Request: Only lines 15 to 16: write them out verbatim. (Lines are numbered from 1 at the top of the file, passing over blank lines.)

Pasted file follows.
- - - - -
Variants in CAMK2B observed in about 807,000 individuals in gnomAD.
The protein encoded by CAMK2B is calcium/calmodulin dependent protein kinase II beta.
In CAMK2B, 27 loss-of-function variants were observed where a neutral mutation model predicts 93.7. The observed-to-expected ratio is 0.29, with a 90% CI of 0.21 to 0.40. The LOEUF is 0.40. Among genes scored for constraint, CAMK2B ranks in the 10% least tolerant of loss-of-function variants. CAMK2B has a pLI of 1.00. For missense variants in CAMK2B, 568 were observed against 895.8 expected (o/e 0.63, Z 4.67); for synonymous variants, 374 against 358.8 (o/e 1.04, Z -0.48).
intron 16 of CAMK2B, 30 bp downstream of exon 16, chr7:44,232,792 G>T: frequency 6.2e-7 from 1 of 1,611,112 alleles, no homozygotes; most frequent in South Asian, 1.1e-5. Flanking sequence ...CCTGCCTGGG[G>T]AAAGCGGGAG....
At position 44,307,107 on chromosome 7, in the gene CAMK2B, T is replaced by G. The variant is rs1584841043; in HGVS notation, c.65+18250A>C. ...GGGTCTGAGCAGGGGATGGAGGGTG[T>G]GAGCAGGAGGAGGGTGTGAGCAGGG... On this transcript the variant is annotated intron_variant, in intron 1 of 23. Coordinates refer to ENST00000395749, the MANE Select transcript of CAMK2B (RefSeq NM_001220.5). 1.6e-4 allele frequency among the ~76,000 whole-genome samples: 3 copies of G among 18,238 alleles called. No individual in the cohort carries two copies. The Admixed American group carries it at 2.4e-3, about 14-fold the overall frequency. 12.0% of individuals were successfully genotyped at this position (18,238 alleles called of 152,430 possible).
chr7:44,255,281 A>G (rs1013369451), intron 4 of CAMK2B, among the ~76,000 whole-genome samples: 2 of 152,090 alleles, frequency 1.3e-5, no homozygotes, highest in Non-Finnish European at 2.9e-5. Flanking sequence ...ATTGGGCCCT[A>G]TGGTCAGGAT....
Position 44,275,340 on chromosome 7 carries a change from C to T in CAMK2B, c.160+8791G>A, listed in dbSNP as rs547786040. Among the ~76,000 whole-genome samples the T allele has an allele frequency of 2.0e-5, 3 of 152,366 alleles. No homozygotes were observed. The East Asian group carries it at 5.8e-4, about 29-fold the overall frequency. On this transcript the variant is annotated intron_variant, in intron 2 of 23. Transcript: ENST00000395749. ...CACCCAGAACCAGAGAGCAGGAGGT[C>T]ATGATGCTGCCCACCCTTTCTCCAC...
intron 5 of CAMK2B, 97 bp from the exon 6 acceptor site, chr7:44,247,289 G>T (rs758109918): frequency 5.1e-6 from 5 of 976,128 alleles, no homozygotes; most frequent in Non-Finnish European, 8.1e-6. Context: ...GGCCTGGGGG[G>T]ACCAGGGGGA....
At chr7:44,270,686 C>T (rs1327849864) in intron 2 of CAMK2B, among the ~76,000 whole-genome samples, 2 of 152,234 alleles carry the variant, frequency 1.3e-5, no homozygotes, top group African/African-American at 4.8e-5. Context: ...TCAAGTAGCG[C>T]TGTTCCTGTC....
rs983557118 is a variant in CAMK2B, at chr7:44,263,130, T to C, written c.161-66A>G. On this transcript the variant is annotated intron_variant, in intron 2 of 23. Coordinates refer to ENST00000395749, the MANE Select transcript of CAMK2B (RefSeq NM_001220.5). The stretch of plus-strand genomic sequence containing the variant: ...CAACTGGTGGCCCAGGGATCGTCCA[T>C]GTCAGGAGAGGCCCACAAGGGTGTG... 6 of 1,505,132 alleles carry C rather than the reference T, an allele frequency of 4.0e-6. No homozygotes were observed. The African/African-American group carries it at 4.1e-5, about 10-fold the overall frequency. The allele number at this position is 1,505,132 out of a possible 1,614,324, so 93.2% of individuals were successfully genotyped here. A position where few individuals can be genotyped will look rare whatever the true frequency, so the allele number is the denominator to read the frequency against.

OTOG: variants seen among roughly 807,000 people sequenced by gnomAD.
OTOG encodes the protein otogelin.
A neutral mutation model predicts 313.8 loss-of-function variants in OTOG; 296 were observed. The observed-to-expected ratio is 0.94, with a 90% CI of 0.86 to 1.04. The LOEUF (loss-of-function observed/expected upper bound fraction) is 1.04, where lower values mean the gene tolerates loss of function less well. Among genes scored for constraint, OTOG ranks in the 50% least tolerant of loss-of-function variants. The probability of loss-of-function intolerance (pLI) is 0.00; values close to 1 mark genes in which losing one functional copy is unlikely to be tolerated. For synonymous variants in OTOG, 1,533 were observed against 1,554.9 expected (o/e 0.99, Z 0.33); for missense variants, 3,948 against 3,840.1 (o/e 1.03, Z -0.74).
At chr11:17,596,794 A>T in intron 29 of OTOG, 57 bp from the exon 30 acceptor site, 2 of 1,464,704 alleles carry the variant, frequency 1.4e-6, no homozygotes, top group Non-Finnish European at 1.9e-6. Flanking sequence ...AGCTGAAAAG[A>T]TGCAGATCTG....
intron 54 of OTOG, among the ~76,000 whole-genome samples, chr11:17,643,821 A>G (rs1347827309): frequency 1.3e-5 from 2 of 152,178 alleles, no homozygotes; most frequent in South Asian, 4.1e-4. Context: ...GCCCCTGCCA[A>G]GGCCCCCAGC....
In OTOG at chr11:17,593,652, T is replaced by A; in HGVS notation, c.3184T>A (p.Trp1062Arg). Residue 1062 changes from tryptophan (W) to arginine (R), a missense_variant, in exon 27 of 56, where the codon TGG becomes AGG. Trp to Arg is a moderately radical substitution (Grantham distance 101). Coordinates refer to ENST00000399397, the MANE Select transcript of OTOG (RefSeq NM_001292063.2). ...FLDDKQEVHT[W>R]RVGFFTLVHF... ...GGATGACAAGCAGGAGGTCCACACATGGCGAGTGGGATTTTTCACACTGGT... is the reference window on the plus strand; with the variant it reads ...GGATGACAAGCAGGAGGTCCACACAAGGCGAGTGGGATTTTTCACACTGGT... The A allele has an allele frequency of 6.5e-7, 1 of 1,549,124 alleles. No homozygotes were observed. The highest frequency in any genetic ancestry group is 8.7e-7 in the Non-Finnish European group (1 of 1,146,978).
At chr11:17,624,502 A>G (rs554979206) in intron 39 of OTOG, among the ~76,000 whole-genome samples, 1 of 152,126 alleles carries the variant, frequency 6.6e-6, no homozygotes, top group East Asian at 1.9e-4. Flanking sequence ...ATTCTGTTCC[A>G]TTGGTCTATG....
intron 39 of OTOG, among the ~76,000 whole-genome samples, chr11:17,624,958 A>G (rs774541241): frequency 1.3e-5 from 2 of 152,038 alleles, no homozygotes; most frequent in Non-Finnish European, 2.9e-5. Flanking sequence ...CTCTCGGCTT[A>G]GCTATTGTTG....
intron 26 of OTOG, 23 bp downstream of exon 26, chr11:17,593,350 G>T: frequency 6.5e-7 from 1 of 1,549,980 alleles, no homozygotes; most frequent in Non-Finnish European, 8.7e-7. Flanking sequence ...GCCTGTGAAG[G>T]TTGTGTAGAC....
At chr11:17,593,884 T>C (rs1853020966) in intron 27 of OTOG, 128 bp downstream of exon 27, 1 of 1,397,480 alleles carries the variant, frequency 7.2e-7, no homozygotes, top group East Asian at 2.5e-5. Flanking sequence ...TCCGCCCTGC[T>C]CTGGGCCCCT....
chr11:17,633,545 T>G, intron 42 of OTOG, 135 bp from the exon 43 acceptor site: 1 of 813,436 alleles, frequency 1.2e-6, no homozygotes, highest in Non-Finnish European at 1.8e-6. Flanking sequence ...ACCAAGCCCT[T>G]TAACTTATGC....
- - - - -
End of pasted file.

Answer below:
intron 54 of OTOG, among the ~76,000 whole-genome samples, chr11:17,643,821 A>G (rs1347827309): frequency 1.3e-5 from 2 of 152,178 alleles, no homozygotes; most frequent in South Asian, 4.1e-4. Context: ...GCCCCTGCCA[A>G]GGCCCCCAGC....
In OTOG at chr11:17,593,652, T is replaced by A; in HGVS notation, c.3184T>A (p.Trp1062Arg). Residue 1062 changes from tryptophan (W) to arginine (R), a missense_variant, in exon 27 of 56, where the codon TGG becomes AGG. Trp to Arg is a moderately radical substitution (Grantham distance 101). Coordinates refer to ENST00000399397, the MANE Select transcript of OTOG (RefSeq NM_001292063.2). ...FLDDKQEVHT[W>R]RVGFFTLVHF... ...GGATGACAAGCAGGAGGTCCACACATGGCGAGTGGGATTTTTCACACTGGT... is the reference window on the plus strand; with the variant it reads ...GGATGACAAGCAGGAGGTCCACACAAGGCGAGTGGGATTTTTCACACTGGT... The A allele has an allele frequency of 6.5e-7, 1 of 1,549,124 alleles. No homozygotes were observed. The highest frequency in any genetic ancestry group is 8.7e-7 in the Non-Finnish European group (1 of 1,146,978).